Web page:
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Five Experiential Marketing Trends to look out for in 2020

Here are top 5 experiential trends and strategies to keep in mind as we ride into the new decade. Read on.

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The 2010s was a landmark decade for marketing change, where consumers' demand for high-quality experience instead of interruptive advertising reached its greatest height. But how do you meet the unforgiving expectations of the world that will pass you by unless it is engaged face to face?

From creating targeted and personalised content to engaging large-scale events and activations, these are some of the experiential marketing trends that we will see on a rise 2020.

Brands everywhere are cutting through the clutter to engage stakeholders in person. Everywhere you look, the experience is the ultimate competitive matrix.

Here are top 5 experiential trends and strategies to keep in mind as we ride into the new decade:

Engaging the Senses

In our increasingly digital world, the human senses are weakening. That’s why some of the most engaging experiential events take great care to delight all five of them. We are constantly filtering day-in and day-out what impacts us most. More than any other medium, experiential can fully immerse audiences in an experience using all the senses.

Multisensory experiences help brands break through the clutter and make an impact that is felt and retained at a deeper human level because it imprints on more of the brain, creating a more powerful memory.

Smooth Content Experience

A seamless content experience asks one simple thing of a brand: think it the whole way through. Events keep getting bigger and more complex, requiring larger content development teams that are frequently structured into disconnected way. What’s more, attendees are physically drained by hiking through vast event environments and are overwhelmed by the complexity, when they would respond best to simplicity and convenience.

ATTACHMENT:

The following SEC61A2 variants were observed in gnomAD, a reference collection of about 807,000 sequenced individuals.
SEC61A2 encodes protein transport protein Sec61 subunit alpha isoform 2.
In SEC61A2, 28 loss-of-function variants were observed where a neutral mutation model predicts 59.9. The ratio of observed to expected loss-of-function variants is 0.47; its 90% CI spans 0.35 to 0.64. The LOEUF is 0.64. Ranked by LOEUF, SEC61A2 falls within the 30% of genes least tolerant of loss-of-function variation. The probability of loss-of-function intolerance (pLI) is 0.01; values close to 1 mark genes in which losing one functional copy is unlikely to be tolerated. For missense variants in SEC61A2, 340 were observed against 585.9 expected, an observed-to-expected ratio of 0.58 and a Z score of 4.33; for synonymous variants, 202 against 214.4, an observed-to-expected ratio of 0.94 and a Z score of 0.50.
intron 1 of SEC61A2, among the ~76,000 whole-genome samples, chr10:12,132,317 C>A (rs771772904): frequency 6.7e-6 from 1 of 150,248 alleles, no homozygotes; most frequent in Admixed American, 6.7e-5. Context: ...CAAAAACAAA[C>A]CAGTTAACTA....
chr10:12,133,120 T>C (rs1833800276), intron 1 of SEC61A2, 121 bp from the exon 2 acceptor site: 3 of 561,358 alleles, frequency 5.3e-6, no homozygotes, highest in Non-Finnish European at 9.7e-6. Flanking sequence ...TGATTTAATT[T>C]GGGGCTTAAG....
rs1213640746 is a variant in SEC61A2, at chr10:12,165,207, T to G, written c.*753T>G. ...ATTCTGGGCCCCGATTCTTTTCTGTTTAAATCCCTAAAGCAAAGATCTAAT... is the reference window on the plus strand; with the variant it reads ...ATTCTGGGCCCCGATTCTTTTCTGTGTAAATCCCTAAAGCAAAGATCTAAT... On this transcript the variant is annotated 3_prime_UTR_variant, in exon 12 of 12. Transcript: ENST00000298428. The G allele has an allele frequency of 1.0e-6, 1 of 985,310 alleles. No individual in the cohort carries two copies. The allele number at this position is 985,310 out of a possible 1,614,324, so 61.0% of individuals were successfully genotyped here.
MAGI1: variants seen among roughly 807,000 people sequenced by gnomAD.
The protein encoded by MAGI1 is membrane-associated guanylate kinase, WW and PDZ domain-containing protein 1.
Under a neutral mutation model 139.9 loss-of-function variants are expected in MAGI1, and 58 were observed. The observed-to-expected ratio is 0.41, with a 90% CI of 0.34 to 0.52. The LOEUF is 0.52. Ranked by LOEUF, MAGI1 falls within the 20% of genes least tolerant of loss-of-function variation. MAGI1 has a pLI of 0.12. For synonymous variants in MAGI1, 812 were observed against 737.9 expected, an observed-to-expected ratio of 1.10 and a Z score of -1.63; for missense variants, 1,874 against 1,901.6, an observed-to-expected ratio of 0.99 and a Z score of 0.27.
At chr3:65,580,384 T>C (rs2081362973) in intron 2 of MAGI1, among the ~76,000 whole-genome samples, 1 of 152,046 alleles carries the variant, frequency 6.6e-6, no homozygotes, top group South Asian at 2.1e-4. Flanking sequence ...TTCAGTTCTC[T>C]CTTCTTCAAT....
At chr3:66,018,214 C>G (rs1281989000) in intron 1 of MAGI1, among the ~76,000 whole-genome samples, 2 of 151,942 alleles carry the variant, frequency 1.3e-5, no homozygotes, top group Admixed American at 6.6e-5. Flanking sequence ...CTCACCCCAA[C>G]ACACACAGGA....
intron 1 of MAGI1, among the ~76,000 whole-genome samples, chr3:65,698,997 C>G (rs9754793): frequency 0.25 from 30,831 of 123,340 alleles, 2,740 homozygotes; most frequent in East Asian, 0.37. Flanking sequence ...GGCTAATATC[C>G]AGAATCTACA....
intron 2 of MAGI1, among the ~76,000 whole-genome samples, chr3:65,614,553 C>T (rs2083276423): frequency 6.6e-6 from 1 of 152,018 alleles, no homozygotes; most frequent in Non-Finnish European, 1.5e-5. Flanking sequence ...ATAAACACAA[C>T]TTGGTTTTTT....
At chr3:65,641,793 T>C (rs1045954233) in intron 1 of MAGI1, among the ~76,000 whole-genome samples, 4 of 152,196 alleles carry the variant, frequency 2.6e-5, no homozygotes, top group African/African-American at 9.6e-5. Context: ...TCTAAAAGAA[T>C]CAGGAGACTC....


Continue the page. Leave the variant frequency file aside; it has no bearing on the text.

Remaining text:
It doesn’t need to sell out a stadium, it doesn’t need to have a star-studded performance, but a brand’s event should be seamless so that at all times the thing that the consumer wants to experience next is available via one small but easily navigated step, as if the host read their mind and placed it exactly where they knew the guest would want it. To do this it needs to be thought through from head to toe.

Depersonalized Personalization

One doesn’t have to look further than their local QSRs for a pitch-perfect example of the rise of depersonalized personalization. With their mobile ordering capabilities, they’ve been able to remove the friction between a one on one and personal interaction by eliminating the need for human-to-human interaction (depersonalization), while still catering to a consumer's unique desires, making for a highly personalized experience.

This means no more lines, no more waiting for your drink or food, no more waiting to know the cost before you provide payment and receive change or card approval. When parts are missing from this model, it becomes apparent. This type of exchange between customer and product will become more and more noticeable over the next five years.

Physical/Digital Hybrid Experience

This experiential trend leverages the attraction of large-scale physical objects, drawing attention from afar to engage consumers in physical activities - critical in large crowd experiences whether they’re branded engagements at music festivals or booths at malls.

Traditionally, large-scale activations would only engage those taking part in the activity, but where the transition is seen through video: connecting the physical action to large-scale video activations or projections, alongside compelling interactive content.

Fail to translate that attention into action and engagement and the brand loses out on both a rich interaction with a primary consumer, as well as the ripple effects that engages crowds in the content.

CSR Intiatives

When it comes to CSR programs, if it’s not fully authentic, it’s unlikely to connect with audiences. One of the greatest gifts that consumers will give you is their ability to sniff out a phony—CSR is the best example.

Event marketing is the communication medium that best helps stakeholders “look the brand in the eye” and judge its authenticity. It’s no longer about pasting something on top of an experience, it’s about building the CSR mission into every pore of the experience.



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